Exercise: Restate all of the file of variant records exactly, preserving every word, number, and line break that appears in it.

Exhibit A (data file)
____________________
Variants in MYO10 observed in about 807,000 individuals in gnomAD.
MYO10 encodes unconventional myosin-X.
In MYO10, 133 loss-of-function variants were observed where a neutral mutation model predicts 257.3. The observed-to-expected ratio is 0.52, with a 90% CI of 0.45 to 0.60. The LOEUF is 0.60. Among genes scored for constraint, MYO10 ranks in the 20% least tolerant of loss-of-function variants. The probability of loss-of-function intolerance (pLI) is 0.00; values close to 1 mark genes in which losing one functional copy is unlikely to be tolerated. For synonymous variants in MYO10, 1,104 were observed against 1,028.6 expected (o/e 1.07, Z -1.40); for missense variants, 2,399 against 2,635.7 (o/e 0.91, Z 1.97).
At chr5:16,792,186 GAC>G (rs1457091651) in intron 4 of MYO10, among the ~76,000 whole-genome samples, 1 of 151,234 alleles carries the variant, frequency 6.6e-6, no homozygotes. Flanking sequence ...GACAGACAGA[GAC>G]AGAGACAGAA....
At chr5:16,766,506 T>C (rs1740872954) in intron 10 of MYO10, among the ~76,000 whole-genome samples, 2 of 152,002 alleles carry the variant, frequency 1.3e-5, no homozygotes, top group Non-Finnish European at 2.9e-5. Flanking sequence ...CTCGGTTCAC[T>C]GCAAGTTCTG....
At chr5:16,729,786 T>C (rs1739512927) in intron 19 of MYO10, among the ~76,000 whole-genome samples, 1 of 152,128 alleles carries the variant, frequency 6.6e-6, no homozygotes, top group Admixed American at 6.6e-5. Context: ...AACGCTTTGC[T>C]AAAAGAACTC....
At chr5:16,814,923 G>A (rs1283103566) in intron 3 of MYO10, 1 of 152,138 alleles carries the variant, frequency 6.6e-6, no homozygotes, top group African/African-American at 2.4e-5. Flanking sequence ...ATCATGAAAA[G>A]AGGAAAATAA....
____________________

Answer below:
Variants in MYO10 observed in about 807,000 individuals in gnomAD.
MYO10 encodes unconventional myosin-X.
In MYO10, 133 loss-of-function variants were observed where a neutral mutation model predicts 257.3. The observed-to-expected ratio is 0.52, with a 90% CI of 0.45 to 0.60. The LOEUF is 0.60. Among genes scored for constraint, MYO10 ranks in the 20% least tolerant of loss-of-function variants. The probability of loss-of-function intolerance (pLI) is 0.00; values close to 1 mark genes in which losing one functional copy is unlikely to be tolerated. For synonymous variants in MYO10, 1,104 were observed against 1,028.6 expected (o/e 1.07, Z -1.40); for missense variants, 2,399 against 2,635.7 (o/e 0.91, Z 1.97).
At chr5:16,792,186 GAC>G (rs1457091651) in intron 4 of MYO10, among the ~76,000 whole-genome samples, 1 of 151,234 alleles carries the variant, frequency 6.6e-6, no homozygotes. Flanking sequence ...GACAGACAGA[GAC>G]AGAGACAGAA....
At chr5:16,766,506 T>C (rs1740872954) in intron 10 of MYO10, among the ~76,000 whole-genome samples, 2 of 152,002 alleles carry the variant, frequency 1.3e-5, no homozygotes, top group Non-Finnish European at 2.9e-5. Flanking sequence ...CTCGGTTCAC[T>C]GCAAGTTCTG....
At chr5:16,729,786 T>C (rs1739512927) in intron 19 of MYO10, among the ~76,000 whole-genome samples, 1 of 152,128 alleles carries the variant, frequency 6.6e-6, no homozygotes, top group Admixed American at 6.6e-5. Context: ...AACGCTTTGC[T>C]AAAAGAACTC....
At chr5:16,814,923 G>A (rs1283103566) in intron 3 of MYO10, 1 of 152,138 alleles carries the variant, frequency 6.6e-6, no homozygotes, top group African/African-American at 2.4e-5. Flanking sequence ...ATCATGAAAA[G>A]AGGAAAATAA....